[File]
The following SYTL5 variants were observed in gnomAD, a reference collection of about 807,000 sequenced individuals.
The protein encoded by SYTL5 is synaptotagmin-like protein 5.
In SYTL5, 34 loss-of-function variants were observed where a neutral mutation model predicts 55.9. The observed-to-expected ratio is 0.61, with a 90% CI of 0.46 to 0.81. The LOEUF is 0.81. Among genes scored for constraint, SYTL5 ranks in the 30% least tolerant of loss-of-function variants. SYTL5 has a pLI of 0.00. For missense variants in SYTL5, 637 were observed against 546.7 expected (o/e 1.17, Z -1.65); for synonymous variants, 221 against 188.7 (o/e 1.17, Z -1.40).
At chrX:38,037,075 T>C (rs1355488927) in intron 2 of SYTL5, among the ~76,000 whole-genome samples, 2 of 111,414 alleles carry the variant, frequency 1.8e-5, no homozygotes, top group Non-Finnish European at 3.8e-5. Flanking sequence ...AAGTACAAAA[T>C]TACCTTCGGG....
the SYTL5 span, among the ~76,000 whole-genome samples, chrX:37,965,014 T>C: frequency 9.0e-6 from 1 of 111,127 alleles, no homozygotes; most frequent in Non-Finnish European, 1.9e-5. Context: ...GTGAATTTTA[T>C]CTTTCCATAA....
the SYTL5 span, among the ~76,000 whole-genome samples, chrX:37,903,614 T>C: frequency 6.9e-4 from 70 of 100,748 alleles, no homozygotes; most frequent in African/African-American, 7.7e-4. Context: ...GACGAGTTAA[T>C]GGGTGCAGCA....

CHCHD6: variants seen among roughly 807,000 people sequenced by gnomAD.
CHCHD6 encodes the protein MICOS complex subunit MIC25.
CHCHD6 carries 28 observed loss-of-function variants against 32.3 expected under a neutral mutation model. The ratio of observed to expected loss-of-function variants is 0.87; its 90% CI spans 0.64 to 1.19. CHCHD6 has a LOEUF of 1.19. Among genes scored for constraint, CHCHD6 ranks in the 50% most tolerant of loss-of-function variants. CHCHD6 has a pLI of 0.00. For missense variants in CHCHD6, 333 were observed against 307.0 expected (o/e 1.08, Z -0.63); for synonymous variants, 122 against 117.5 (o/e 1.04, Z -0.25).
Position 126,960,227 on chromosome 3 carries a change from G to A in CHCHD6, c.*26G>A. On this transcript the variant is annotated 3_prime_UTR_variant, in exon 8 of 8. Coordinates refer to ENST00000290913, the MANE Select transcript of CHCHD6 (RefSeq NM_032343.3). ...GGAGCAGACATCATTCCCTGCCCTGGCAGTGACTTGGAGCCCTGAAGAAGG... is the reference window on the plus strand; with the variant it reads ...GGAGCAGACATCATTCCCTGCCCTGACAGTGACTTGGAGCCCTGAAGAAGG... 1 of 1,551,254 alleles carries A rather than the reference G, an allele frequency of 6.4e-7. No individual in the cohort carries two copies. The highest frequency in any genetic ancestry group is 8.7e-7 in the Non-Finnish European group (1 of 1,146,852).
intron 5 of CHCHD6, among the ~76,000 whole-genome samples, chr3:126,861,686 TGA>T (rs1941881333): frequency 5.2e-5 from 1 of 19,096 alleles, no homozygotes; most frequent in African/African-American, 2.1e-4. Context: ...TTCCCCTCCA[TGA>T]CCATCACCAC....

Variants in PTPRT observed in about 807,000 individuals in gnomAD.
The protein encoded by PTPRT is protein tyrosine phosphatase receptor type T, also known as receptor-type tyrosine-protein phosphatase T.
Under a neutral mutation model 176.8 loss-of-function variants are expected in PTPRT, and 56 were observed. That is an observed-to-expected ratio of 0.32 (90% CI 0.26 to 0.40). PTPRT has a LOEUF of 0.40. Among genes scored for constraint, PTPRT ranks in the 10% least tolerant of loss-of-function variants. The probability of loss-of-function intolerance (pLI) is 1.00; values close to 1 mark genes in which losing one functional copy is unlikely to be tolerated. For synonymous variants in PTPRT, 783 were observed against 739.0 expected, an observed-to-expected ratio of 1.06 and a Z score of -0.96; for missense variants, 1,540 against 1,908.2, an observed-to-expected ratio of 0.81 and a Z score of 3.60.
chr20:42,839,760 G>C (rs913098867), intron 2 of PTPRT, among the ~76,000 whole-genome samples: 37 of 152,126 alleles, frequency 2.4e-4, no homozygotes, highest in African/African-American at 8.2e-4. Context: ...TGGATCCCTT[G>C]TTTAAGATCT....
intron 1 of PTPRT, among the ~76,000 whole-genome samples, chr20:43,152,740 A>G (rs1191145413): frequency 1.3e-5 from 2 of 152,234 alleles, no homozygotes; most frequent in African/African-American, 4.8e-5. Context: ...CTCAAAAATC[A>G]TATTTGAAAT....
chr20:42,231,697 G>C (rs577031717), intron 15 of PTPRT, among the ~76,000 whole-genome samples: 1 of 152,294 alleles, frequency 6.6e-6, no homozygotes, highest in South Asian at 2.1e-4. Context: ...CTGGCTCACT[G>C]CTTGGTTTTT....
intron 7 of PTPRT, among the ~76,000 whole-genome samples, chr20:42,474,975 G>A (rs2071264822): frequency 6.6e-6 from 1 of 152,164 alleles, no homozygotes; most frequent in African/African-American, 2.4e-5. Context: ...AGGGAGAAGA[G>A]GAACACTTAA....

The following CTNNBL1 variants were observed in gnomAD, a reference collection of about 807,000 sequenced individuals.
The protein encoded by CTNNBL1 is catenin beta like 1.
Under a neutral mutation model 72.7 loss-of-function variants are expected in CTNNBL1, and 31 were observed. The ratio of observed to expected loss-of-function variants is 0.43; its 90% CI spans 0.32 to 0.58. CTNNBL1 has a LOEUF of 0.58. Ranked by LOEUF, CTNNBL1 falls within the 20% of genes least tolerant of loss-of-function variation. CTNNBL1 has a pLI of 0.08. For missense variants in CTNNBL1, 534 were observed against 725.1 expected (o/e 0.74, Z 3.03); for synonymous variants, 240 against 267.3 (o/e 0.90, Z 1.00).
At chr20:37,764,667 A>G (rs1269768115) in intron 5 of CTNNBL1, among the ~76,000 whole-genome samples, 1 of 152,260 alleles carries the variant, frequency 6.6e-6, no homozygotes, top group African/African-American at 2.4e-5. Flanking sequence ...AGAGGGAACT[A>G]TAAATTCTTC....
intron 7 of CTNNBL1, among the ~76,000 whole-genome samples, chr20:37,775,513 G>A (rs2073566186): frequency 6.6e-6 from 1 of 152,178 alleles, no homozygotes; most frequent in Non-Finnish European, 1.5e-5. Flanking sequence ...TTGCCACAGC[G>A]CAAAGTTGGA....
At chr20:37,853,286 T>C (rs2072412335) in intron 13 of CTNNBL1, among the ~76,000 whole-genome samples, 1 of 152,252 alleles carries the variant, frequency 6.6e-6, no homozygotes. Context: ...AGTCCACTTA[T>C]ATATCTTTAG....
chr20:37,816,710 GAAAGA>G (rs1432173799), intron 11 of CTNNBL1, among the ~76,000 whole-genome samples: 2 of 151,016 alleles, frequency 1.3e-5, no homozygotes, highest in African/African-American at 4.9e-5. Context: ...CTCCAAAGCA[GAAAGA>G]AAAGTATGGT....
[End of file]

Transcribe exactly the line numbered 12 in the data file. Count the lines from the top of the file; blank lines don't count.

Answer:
Variants in PTPRT observed in about 807,000 individuals in gnomAD.